Users at Sears.com are divided over the Kenmore 88752. Some users report great success with this laundry center, and they particularly praise the unit's convenience and space savings. It's also easy to use and operate, according to reviews. Others are frustrated by its small capacity. There are also a number of reliability complaints, including broken water pumps, leaks and loud noises that develop over time. Interestingly, the gas version of this laundry center, the Kenmore 98752 (Est. $1,100) does not seem to have similar problems. Although we found only a dozen or so reviews for thee 98752, several of them praise its reliability, saying it has lasted for 10 years or more.
If you want a compact laundry center with a little more capacity, the GE GTUP240EMWW (Est. $1,200 is worth a look. This unit features a 2.2 cubic-foot washer and a 4.4 cubic-foot dryer, yet still measures just under 24-inches wide. The feature set includes nine wash cycles, six dry cycles, auto water level sensing and more. There's no moisture sensor, though, and the unit is not Energy Star qualified.
There are no professional reviews for the GE, as is the norm with laundry centers, but user reviews are plentiful. Most can be found at HomeDepot.com, which hosts more than 160 written by its customers as well as by and owners posting at GE's website. It gets a rating of 4 stars, with 84 percent saying that they would recommend the unit to a friend. Complaints about capacity are scarce, but a handful of unhappy owners gripe about laundry centers that died prematurely, or about excessive noise. Some say that the GTUP240EMWW is a bit rough on clothes. The GE GTUP240GMWW (Est. $1,300) is the gas version.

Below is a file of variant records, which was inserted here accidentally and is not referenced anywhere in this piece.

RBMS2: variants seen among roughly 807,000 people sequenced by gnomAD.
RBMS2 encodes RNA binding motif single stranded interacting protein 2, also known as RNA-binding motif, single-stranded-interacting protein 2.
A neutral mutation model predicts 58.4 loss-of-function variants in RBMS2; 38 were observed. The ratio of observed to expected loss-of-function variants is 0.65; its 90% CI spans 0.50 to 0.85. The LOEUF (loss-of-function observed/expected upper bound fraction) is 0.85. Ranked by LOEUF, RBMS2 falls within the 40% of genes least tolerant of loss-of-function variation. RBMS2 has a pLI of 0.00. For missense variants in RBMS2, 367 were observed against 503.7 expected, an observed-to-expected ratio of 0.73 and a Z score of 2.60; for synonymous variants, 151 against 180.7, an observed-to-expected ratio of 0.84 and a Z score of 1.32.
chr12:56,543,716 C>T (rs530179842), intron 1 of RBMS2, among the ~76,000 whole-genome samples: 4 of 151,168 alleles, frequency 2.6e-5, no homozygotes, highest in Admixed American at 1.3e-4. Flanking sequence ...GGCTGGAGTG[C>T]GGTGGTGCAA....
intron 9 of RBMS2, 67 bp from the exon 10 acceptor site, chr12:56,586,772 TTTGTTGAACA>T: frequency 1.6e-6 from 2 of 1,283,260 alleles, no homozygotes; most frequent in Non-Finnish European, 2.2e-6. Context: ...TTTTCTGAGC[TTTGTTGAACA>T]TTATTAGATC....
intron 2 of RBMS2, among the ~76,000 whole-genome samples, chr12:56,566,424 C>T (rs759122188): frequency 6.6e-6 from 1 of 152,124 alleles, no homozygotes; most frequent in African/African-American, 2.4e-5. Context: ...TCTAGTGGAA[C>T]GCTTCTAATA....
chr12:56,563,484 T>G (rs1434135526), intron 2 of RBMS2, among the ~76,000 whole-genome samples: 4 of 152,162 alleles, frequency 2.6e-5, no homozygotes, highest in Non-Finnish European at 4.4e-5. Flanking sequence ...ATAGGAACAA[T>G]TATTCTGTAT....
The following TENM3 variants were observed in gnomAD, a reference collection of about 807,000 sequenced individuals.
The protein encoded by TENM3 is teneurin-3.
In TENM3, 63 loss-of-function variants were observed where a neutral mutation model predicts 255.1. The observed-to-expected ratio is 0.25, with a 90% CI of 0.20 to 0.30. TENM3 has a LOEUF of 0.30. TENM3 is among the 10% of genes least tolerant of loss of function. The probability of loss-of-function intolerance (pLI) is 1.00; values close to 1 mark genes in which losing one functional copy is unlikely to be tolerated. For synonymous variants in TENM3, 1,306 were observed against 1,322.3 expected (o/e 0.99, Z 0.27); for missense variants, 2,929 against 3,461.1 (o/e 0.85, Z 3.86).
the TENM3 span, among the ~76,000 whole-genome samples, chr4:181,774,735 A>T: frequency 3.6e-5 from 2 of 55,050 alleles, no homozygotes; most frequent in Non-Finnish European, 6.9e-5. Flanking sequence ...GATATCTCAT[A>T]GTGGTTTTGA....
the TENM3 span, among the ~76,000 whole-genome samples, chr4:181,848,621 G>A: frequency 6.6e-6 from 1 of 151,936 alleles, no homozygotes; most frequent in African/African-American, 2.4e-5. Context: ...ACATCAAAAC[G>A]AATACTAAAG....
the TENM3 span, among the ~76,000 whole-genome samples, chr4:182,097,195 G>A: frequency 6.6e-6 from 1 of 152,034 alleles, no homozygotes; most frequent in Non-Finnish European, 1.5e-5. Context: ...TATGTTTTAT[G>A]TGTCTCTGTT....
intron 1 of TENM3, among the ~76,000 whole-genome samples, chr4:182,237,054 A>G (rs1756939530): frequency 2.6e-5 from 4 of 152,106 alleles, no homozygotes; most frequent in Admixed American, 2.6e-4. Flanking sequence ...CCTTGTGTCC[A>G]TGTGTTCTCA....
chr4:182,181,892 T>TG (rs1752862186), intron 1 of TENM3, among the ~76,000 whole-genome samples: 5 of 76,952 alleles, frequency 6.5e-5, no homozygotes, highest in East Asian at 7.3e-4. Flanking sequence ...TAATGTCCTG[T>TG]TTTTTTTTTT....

Elsewhere in this report
Best Reviewed Washer-Dryer Combos
Two washer-dryer combos and two laundry centers make the cut as based on expert and owner feedback as well as analysis by ConsumerSearch Editors.
The most compact option as they wash and dry in the same tub, and the easiest to install since they don't require a vent to the outside, but can you live with their downsides? Editors explain, and name the best choices.
What are the upsides, downsides and other considerations you need to know before buying a laundry center or washer-dryer combo? Our Buying Guide explains the ins and outs, and how to find the best choice to fit your needs and budget.
Here are the reviews our editors used to find the best washer-dryer combos. Each review is rated and ranked according to its helpfulness.